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3 ways college students face extra penalties for criminal charges

On Behalf of | Jul 20, 2021 | Criminal Offenses |

In theory, all adults face the same consequences for the same criminal offenses. Although there is some discretion regarding the amount of jail time, length of probation or amount of money someone pays in fines after a conviction, the law sets clear maximum and minimum penalties so that everyone receives the same kind of justice.

However, criminal charges often have consequences beyond just the penalties assessed by the courts. There are numerous social consequences of criminal convictions. People from different backgrounds will have different long-term impacts from an arrest and conviction. College students as a group certainly have more to lose than other subsets of the population after a criminal conviction.

Some schools will take direct disciplinary action after criminal charges

Many colleges and universities have codes of conduct that they expect students to follow. Rules against criminal convictions are somewhat common at schools, especially rules against that occur while enrolled.

The school could summon you for a hearing in front of a disciplinary board. Your risk for such a hearing will likely go up if the alleged offense occurred on campus or involved school activities or other students.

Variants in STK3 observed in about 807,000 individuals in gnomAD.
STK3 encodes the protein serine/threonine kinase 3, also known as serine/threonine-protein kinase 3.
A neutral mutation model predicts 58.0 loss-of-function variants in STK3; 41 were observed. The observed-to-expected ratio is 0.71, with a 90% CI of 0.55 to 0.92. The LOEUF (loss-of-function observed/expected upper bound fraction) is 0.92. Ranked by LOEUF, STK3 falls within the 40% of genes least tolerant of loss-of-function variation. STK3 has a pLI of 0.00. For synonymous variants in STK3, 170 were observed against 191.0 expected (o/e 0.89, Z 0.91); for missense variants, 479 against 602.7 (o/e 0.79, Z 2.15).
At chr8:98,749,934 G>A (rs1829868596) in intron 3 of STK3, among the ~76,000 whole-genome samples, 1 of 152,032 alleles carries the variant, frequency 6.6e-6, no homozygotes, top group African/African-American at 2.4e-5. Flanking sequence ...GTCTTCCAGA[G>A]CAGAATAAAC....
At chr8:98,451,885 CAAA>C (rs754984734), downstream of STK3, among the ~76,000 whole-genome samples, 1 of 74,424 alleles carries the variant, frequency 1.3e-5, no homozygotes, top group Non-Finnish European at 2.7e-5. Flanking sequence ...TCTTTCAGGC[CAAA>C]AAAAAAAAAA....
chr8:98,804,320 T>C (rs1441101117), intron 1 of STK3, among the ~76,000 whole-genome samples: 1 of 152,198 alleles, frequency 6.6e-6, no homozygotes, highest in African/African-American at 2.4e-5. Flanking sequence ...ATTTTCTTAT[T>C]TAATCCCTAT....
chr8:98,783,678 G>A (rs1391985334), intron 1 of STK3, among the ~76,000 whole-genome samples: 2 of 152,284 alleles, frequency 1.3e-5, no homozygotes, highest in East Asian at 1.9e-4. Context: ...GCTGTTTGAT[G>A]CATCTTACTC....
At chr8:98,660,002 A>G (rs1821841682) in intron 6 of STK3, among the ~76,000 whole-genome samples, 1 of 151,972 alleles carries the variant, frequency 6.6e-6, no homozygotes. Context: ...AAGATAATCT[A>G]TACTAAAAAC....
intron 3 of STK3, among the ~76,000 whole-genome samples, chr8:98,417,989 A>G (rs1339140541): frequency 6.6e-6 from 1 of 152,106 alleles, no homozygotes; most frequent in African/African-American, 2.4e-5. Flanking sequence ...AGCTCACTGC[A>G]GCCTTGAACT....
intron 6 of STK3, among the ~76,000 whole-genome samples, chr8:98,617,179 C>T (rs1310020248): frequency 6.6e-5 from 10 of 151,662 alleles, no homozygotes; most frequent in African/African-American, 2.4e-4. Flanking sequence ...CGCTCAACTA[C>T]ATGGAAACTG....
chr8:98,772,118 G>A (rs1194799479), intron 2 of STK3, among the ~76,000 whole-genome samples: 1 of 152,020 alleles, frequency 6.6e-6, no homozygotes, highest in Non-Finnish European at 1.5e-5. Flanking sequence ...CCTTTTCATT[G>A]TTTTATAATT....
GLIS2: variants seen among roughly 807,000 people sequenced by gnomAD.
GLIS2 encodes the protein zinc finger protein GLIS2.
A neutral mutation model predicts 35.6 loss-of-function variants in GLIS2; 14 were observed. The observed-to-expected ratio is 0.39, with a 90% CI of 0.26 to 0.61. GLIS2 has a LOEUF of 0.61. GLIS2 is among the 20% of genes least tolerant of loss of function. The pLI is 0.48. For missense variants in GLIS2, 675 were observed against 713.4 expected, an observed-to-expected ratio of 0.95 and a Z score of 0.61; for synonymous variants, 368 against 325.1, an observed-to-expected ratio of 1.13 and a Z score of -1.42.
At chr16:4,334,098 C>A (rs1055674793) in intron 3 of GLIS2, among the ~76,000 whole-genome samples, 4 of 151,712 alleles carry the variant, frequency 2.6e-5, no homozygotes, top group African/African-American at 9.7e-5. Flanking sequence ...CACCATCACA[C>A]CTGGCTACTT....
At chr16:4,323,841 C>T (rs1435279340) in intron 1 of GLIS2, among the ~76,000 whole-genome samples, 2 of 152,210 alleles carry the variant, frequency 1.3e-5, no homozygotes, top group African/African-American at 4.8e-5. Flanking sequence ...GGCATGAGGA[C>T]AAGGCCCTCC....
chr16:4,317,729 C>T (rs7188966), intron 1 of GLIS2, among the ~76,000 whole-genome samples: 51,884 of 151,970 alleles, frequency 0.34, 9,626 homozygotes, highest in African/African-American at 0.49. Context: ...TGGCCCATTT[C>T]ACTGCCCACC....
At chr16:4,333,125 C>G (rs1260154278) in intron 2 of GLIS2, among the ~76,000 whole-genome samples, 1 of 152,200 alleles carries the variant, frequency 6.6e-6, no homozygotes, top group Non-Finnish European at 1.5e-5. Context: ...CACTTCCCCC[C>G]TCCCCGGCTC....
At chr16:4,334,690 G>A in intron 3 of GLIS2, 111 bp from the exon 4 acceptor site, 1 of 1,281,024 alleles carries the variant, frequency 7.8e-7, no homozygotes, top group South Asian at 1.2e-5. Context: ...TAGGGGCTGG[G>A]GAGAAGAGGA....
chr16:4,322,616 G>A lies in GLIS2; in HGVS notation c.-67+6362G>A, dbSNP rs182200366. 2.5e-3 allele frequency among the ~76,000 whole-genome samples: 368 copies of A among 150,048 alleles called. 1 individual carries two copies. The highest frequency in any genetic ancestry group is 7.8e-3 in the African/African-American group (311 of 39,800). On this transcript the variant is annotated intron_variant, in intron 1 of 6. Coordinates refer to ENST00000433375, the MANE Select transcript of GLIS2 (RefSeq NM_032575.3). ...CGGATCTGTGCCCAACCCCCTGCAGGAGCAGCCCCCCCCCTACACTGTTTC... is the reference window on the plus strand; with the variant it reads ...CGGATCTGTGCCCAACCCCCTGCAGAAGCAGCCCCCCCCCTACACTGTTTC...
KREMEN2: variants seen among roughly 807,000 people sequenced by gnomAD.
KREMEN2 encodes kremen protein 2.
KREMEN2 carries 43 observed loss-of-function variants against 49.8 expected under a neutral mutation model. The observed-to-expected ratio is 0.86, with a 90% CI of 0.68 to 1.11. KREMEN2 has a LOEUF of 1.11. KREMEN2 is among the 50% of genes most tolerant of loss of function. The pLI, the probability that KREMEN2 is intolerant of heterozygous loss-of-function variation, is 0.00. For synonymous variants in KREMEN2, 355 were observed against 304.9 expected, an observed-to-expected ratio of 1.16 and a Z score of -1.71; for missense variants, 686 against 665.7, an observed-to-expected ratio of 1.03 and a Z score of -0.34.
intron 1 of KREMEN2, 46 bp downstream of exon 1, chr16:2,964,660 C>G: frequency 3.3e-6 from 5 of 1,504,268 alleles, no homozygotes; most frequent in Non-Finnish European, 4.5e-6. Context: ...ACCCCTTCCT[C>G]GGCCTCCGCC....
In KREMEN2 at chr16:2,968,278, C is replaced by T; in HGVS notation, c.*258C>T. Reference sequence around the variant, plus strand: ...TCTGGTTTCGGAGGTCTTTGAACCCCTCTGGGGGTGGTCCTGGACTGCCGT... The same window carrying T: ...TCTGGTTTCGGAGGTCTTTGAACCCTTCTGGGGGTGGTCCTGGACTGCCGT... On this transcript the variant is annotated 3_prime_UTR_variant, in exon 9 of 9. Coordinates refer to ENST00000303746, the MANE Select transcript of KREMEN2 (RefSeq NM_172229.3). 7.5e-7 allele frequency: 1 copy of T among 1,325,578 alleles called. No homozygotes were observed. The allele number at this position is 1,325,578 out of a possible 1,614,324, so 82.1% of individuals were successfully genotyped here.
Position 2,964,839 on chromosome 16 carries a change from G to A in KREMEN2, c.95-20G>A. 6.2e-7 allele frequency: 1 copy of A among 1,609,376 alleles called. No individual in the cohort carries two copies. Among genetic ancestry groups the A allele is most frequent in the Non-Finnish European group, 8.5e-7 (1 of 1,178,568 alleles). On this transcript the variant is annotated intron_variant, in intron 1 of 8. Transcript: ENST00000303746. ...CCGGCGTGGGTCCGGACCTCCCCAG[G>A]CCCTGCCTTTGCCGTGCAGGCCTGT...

Financial aid opportunities may evaporate after a conviction

Getting a college degree can be expensive, and modern students have to be smart about how they fund their schooling. Many students apply for scholarships and grants.

Private scholarships offered by outside organizations and scholarships offered directly by schools often have conduct requirements for applicants and recipients. A conviction might mean that you become ineligible before financial aid, especially because the federal government specifically asks about convictions on its standardized financial aid paperwork.

Criminal records will make gaining traction after college difficult

Those who get arrested and convicted of a crime while already working have an advantage. Their employer may retain them, allowing them to avoid the job search hardship so commonly experienced by those with criminal records.

Trying to get work when you are fresh out of college can already be a very strenuous and competitive process. Adding a criminal record to limit your opportunities made make it hard for you to earn a living wage or move into the career for which you went to school.

Recognizing the dangers of a conviction as a college student rather than assuming you will receive leniency can help you make a good decision about how you defend yourself when facing a criminal charge.